Pound for pound, no one was tougher than the stocky 10-year-old who played alongside him, said Anthony Rice.

"During games, Ray would say, 'Anthony! Anthony! I'm gonna hurt somebody right now!' And on the next play, he'd hit some guy and, sure enough, he'd be hurt. Ray wasn't a dirty player. He hit you straight up — but hard."

Rice grew up determined to prove himself.

"When people said he was too small or too slow, too this or too that, it made him work harder," said Courtney Greene, the Jacksonville Jaguars' safety who grew up with Rice. "Once, when we were 10 and playing in the same backfield, he asked me to miss my block on purpose so he could run this dude over. I tripped, looked up and saw Ray step on the guy — and go 40 yards for a touchdown."

He prepared for games "like a commando," said David Richards, a childhood friend.

"He ran the stairs to his sixth-floor apartment, over and over," he said, "and then did pull-ups on the monkey bars outside."

In their 12-year-old title game, Richards said, Rice played nose guard and slammed the opposing quarterback to the ground so hard that he was ejected from the contest. In the first quarter.

"The ref threw a flag and said, 'This kid is entirely too strong to play in the championship,' " Richards said. "Ray was just doing his job. We blew the other team out, and he sat there and watched the rest of the game with a smile on his face."

In middle school, Rice began feeling the pressures of the neighborhood. When times got tense, he reached out to Richards, who lived a few blocks away from The Hollow.

"Ray would say, 'Dave, I need a favor. Can I come by?' " Richards said. And Rice would spend the night.

"It was the best thing for me to do," Rice said. "I had to get away."

But he couldn't always escape. In eighth grade, facing peer problems, he slipped a pellet gun into his backpack and went off to school. Security guards found it, and police surrounded the place.

Rice's sentence: one week's suspension, a year's probation, exclusion from his middle school graduation and 100 hours of community service.

"Our mother took away everything possible from Ray, including football, for a while," said Markell Rice, his younger brother. "It was strong punishment."

Lesson learned.

"That was definitely the turning point in my life," Rice said last week. "It came at a time when I was headed in the wrong direction. I sought forgiveness, not only from the community, but also from my mother. From then on, I never made a mistake like that again."

His father's death still weighed on Rice, as did that of an older cousin, Myshaun Rice-Nichols, who had been Rice's male role model and who was killed by a drunken driver in 1998. Once, in middle school, while visiting the Richards family, Rice leafed through their family photo album, looked up and sighed.

"I wish I could have met my father and talked to him, but I didn't get that chance," he said.

Then Rice looked at his friend and smiled.

"But not having a father brought me to you guys," he said. "God does everything for a reason."

Rice blossomed in high school, made All-State first team and led New Rochelle to a state championship. In college, he made second-team All-America and took Rutgers to three straight bowl games. At every level, Rice ramped up his game and fashioned his name.

"He may not be one of the fastest guys, straight ahead, but Ray has one of the best first bursts ever," said Brian Leonard, the Cincinnati Bengals' running back who played with Rice at Rutgers. "I tell guys here, 'Watch out for Ray's stiff arm.' In college, against Connecticut, he ran to the outside, stiff-armed a lineman in the chest and knocked him right on his [butt]. Didn't matter that the lineman outweighed him by 100 pounds. Ray drove him into the ground."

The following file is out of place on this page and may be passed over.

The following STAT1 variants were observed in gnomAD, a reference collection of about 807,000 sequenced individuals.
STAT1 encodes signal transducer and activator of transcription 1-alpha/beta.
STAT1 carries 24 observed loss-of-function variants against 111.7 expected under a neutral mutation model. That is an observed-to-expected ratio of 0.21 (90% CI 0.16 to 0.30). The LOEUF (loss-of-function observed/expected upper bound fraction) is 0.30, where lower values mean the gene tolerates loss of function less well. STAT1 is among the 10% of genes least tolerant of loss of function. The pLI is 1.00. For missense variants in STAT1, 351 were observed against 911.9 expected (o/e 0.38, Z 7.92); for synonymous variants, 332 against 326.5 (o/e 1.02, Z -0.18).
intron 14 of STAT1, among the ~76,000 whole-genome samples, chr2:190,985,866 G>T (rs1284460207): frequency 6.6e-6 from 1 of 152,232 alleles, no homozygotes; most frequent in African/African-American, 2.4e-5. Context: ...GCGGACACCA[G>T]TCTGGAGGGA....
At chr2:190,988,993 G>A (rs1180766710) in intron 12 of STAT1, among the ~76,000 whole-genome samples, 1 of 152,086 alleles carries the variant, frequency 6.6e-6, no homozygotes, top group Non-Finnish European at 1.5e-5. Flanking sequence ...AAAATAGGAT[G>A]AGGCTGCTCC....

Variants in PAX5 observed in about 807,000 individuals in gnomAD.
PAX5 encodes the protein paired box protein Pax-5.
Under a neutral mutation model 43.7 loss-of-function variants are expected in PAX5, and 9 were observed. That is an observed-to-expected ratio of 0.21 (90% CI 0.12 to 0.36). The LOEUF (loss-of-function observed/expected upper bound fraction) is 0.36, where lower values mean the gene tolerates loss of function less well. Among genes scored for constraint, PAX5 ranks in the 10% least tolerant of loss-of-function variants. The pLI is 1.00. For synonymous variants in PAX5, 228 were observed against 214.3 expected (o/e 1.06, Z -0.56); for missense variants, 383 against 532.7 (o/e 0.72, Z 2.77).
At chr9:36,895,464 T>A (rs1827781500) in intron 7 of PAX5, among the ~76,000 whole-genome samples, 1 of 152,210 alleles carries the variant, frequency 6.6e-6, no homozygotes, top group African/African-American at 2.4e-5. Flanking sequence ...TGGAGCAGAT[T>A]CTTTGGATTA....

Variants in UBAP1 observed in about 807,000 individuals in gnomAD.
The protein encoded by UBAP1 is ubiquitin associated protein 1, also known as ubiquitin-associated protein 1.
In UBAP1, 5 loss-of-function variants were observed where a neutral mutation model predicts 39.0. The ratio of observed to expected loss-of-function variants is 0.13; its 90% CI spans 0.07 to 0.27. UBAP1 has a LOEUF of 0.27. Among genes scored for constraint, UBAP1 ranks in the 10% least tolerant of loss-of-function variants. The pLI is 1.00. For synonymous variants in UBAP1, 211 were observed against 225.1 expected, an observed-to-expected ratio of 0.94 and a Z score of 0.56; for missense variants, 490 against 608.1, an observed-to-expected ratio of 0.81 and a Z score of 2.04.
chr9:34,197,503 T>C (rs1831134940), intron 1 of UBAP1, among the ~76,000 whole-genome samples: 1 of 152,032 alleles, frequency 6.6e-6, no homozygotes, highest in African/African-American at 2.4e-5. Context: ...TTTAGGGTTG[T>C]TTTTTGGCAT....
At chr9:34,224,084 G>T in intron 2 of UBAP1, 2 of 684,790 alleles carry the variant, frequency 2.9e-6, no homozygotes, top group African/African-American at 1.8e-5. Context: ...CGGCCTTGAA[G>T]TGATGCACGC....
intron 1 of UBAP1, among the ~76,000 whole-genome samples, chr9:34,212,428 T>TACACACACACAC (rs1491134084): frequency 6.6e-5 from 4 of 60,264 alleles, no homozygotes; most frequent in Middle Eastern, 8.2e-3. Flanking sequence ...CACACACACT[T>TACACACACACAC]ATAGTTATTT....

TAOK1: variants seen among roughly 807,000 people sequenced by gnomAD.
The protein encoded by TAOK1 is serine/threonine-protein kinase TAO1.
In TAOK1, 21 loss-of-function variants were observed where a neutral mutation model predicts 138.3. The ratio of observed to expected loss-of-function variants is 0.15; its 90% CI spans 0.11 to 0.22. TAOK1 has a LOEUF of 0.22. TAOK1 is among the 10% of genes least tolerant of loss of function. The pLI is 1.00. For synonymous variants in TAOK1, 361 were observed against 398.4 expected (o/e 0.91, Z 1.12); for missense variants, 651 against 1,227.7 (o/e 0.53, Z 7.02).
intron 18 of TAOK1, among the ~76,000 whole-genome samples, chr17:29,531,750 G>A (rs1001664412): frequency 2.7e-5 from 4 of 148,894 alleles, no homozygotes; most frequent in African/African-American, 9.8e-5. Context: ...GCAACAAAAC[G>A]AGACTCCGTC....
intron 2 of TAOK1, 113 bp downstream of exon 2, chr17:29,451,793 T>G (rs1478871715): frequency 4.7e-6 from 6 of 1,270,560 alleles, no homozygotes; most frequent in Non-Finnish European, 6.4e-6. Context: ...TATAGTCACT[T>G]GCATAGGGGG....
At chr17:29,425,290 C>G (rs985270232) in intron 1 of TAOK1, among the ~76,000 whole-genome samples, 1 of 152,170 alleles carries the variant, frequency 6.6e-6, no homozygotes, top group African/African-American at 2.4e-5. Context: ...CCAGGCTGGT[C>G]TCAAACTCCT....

In hindsight, Rice was meant to play for the Ravens. His great-grandmother, part Cherokee Indian, was born and raised in Baltimore. And, with the exception of college, Rice has worn purple jerseys all his life.

Right thing to do

Even now, Rice looks up to his mother. Never mind that she stands 4-foot-11. A teacher's aide for special-education children, Janet Rice has three younger children in addition to Ray, who became man of the house early on. Since turning pro, he has showered her with gifts — a new apartment, two cars (Lexus and Acura), diamond earrings, designer bags and a $1,000 watch.

"I don't want for anything, since Ray became who he is," Janet Rice said.

He still calls her daily, at 7 a.m., to check in.

"Last week, I picked up the phone and he was singing the national anthem," she said. "With Ray, you expect the unexpected."

Like the time she dozed off on his sofa and he videotaped her snoring. Or the time, during a group tour of M&T Bank Stadium, that Rice tackled his mother at the 50-yard line to show folks how it's done.

"Why not?" Rice said. "I took her down easy. If you ain't having fun with your mom, you're going to miss out on a lot of opportunities."

Theirs is as much a brother-sister kinship as mother and son, family members said. Pranks abound when Janet Rice visits her first-born at his Pikesville townhouse.

"Ray puts baby powder all over her face while she's asleep. Or he wakes her up, making siren sounds in her ear with a bullhorn," Khalid Rice said.

Any guest is prey for Rice's antics, his mother said.

"Whoever stays at Ray's, I tell them to please lock their door at night — it's a must," Janet Rice said. "Some listen. Some don't."

When Rice eats out, he won't hide from fans.

"He goes to Outback Steakhouse or Bonefish Grill, wearing his Orioles cap, and sits in the first booth available, knowing people will be coming up to him," Shannon said. "He doesn't have that sense of entitlement of, 'Yeah, I'm a football star.' "

Why put up with the public?

"I do it because it's the right thing to do," he said. "These people want to be in our shoes; they get to feel a part of us when we're with them."

Success has not changed Rice, said Richards, whose house was his haven from The Hollow.

"When I see him, he always thinks back to those times," Richards said. "Ray will say, 'I don't know what I'd have done without you, Dave.' "

Those words alone validate Richards' belief.

"Ray is the same person he was before, but with more money," he said.

mike.klingaman@baltsun.com